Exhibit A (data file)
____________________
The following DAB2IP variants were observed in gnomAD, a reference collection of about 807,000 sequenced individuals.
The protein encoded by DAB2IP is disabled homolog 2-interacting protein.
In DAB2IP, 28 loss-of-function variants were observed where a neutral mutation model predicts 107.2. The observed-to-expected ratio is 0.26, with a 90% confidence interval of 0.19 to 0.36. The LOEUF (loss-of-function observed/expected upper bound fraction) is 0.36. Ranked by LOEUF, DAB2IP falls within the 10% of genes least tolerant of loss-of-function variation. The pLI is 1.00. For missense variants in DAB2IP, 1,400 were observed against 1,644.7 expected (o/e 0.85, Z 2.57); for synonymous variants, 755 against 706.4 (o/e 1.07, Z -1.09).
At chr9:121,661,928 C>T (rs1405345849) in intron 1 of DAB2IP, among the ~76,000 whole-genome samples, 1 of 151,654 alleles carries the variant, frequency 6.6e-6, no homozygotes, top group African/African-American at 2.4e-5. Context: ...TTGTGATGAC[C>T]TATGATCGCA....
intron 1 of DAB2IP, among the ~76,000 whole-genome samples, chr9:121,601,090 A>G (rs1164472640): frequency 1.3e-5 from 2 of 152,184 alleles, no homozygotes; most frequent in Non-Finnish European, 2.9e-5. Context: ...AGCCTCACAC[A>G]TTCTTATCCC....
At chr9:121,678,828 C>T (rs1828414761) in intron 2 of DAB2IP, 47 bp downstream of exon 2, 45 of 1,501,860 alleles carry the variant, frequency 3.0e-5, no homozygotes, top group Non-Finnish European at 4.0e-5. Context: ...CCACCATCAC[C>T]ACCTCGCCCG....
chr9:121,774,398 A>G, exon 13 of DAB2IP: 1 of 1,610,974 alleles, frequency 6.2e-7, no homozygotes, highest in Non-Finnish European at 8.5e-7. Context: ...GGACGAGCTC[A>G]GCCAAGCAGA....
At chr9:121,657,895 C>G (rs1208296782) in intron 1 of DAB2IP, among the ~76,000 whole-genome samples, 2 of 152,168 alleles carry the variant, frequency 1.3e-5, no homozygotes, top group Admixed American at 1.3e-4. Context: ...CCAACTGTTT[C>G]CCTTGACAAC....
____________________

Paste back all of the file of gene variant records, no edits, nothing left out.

The following DAB2IP variants were observed in gnomAD, a reference collection of about 807,000 sequenced individuals.
The protein encoded by DAB2IP is disabled homolog 2-interacting protein.
In DAB2IP, 28 loss-of-function variants were observed where a neutral mutation model predicts 107.2. The observed-to-expected ratio is 0.26, with a 90% confidence interval of 0.19 to 0.36. The LOEUF (loss-of-function observed/expected upper bound fraction) is 0.36. Ranked by LOEUF, DAB2IP falls within the 10% of genes least tolerant of loss-of-function variation. The pLI is 1.00. For missense variants in DAB2IP, 1,400 were observed against 1,644.7 expected (o/e 0.85, Z 2.57); for synonymous variants, 755 against 706.4 (o/e 1.07, Z -1.09).
At chr9:121,661,928 C>T (rs1405345849) in intron 1 of DAB2IP, among the ~76,000 whole-genome samples, 1 of 151,654 alleles carries the variant, frequency 6.6e-6, no homozygotes, top group African/African-American at 2.4e-5. Context: ...TTGTGATGAC[C>T]TATGATCGCA....
intron 1 of DAB2IP, among the ~76,000 whole-genome samples, chr9:121,601,090 A>G (rs1164472640): frequency 1.3e-5 from 2 of 152,184 alleles, no homozygotes; most frequent in Non-Finnish European, 2.9e-5. Context: ...AGCCTCACAC[A>G]TTCTTATCCC....
At chr9:121,678,828 C>T (rs1828414761) in intron 2 of DAB2IP, 47 bp downstream of exon 2, 45 of 1,501,860 alleles carry the variant, frequency 3.0e-5, no homozygotes, top group Non-Finnish European at 4.0e-5. Context: ...CCACCATCAC[C>T]ACCTCGCCCG....
chr9:121,774,398 A>G, exon 13 of DAB2IP: 1 of 1,610,974 alleles, frequency 6.2e-7, no homozygotes, highest in Non-Finnish European at 8.5e-7. Context: ...GGACGAGCTC[A>G]GCCAAGCAGA....
At chr9:121,657,895 C>G (rs1208296782) in intron 1 of DAB2IP, among the ~76,000 whole-genome samples, 2 of 152,168 alleles carry the variant, frequency 1.3e-5, no homozygotes, top group Admixed American at 1.3e-4. Context: ...CCAACTGTTT[C>G]CCTTGACAAC....